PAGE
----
Hi Good Mama,
I’m so sorry, Sandy that it took me awhile to get back to you. We’ve been down with the flu for the last week. And I’m sorry bedtime is tough.
Since I only have one son, who is 13 and puts himself to bed, I checked in with one of our Instructor Candidates who has 2 kiddos about the same age as yours. She recommended a few great ideas:
1) EXPECT that they are going to need you for at least an hour and PLAN for it. I would add to that START EARLIER. Bedtime was the first tough time I tackled when my son was about 5. Bedtime tends to kick up a lot of FEAR because it’s a time of SEPARATION. We are hard-wired for Connection and Play and bedtime is the end of connection and play.
It’s great that you are already thinking about putting more connection and play into your bedtime routine. I say start earlier because what really helped us, was me thinking of bedtime starting as soon as we got home from school. That was the beginning of bedtime, and I did my best to make our connection and play pretty seamless. We did Special Time when we got home, We had an early dinner. I moved the reading of books to the dinner table because the ending of the books just before “lights out” was to difficult for my son. It was a transition on top of a transition. We did piggy back rides to the bath and then back to the bed after the bath. We had a wild 2 minute pillow fight and then I would say ‘lights out’. I’d put on the music, turn out the light, and my son would crawl into my lap and most nights fall asleep within 10-15 minutes.
2) Our Candidate Dorina says that she gets the best results from playing rough’n’tumble physical games that are specifically about bedtime. She starts being playful from the moment she announces it’s time for bed. Saying things like “I hope these children stand still so I can get their pajamas on them”– which of course, starts them running, and then she chases them wildly around the room, and never quite catches them. She plans that she will have to do this for about an hour so that they can offload enough tension/fear through the laughter and they feel connected enough and powerful enough that they can relax and fall asleep.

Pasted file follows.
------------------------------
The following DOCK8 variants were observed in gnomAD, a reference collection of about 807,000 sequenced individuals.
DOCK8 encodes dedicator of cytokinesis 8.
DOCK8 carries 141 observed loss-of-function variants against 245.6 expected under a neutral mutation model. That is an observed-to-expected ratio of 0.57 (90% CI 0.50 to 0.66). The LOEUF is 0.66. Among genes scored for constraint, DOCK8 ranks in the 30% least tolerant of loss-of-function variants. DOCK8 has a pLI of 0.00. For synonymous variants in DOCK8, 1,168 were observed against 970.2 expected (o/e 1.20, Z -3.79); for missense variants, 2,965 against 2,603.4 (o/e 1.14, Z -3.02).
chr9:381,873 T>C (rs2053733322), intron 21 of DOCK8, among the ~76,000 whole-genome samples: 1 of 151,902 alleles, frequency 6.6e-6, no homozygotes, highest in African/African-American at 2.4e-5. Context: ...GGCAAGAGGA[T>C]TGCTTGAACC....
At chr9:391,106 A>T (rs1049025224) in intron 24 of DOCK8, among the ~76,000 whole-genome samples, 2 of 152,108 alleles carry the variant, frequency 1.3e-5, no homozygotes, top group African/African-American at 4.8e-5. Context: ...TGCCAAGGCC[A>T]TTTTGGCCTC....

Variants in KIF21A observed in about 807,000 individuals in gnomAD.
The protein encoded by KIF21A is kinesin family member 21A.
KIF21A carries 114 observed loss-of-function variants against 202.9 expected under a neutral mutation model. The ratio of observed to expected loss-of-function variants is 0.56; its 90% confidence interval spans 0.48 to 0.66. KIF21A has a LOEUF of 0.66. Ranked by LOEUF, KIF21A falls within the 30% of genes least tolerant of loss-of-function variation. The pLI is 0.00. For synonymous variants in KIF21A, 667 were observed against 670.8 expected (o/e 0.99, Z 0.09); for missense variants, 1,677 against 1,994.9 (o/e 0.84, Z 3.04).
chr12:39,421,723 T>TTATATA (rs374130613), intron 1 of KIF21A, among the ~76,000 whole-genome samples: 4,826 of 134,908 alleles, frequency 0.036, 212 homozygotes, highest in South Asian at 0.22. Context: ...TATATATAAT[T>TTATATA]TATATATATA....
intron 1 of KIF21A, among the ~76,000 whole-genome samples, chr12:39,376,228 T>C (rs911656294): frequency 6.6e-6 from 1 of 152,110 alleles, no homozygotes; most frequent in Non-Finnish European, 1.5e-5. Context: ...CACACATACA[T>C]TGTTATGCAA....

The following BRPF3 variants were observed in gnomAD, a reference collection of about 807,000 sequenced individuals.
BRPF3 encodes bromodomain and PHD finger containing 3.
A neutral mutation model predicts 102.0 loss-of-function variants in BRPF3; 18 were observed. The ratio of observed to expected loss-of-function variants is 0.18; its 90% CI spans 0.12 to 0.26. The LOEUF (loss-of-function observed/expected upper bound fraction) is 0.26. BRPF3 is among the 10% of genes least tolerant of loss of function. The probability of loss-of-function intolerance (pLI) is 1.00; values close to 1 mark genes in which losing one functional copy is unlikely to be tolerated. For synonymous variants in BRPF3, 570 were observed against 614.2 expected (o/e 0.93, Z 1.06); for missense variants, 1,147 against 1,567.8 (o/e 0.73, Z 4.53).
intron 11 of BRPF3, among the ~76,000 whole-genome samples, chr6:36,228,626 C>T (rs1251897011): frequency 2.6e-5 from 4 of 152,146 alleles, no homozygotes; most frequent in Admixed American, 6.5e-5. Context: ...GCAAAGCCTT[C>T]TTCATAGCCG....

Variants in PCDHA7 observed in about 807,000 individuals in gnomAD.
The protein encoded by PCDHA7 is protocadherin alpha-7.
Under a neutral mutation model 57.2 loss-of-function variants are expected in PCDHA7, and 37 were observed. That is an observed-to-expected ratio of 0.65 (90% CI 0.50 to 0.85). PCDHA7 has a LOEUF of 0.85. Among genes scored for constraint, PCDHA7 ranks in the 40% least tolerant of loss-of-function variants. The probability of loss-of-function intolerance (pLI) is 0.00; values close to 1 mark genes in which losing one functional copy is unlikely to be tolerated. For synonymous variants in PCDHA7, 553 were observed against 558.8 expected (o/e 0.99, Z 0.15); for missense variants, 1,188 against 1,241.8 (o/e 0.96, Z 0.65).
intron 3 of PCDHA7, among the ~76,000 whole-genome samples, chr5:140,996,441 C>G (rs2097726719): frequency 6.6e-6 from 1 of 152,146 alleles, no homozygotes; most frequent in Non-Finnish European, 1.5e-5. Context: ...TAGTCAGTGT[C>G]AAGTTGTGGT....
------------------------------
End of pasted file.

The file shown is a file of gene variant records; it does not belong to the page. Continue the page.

This is our Tool PLAYLISTENING. – where you PLAY with the refusal/behavior and then LISTEN for the laughter. Dorina has found that she gets fewer avoidance tactics when she does this kind of play where she takes the LESS powerful role and goes for the giggles. I’m including 3 articles that have lots of ideas for Playlistening games. This first one has kiddos of different ages, so I think it can help spark your imagination.
Since bedtime is separation, these games can do double duty.
And then some ideas for when you are too pooped to play:
As for the Mommy/Daddy fight, just know that this is a PRETEXT – an excuse to get upset when the real issue is the FEAR OF SEPARATION. You can PLAYLISTEN with this as well.
Lastly, if you do not have a LISTENING PARTNER yet, please, please, please get some Listening Time yourself. It is a huge job to be supporting their feelings and tension by yourself. YOU need emotional support in order to be able to be playful and patient and even BRING A LIMIT. And Dorina says that it inevitably happens that one child wakes the other. Getting regular Listening Time will help you to prepare emotionally for that possibility, understanding that they are just scared – not trying to torture you.
You are already on your way to handling this good Mama. I hope our thoughts help. Let us know how it goes,..
Peace & Smiles,
Hand in Hand Certified Instructor
Conscious Child-raising Creating Cooperation and Peace
Follow me on facebook: Parenting by Connection with Kathy
“If we are to teach real peace in the world, we shall have to begin with children” – Gandhi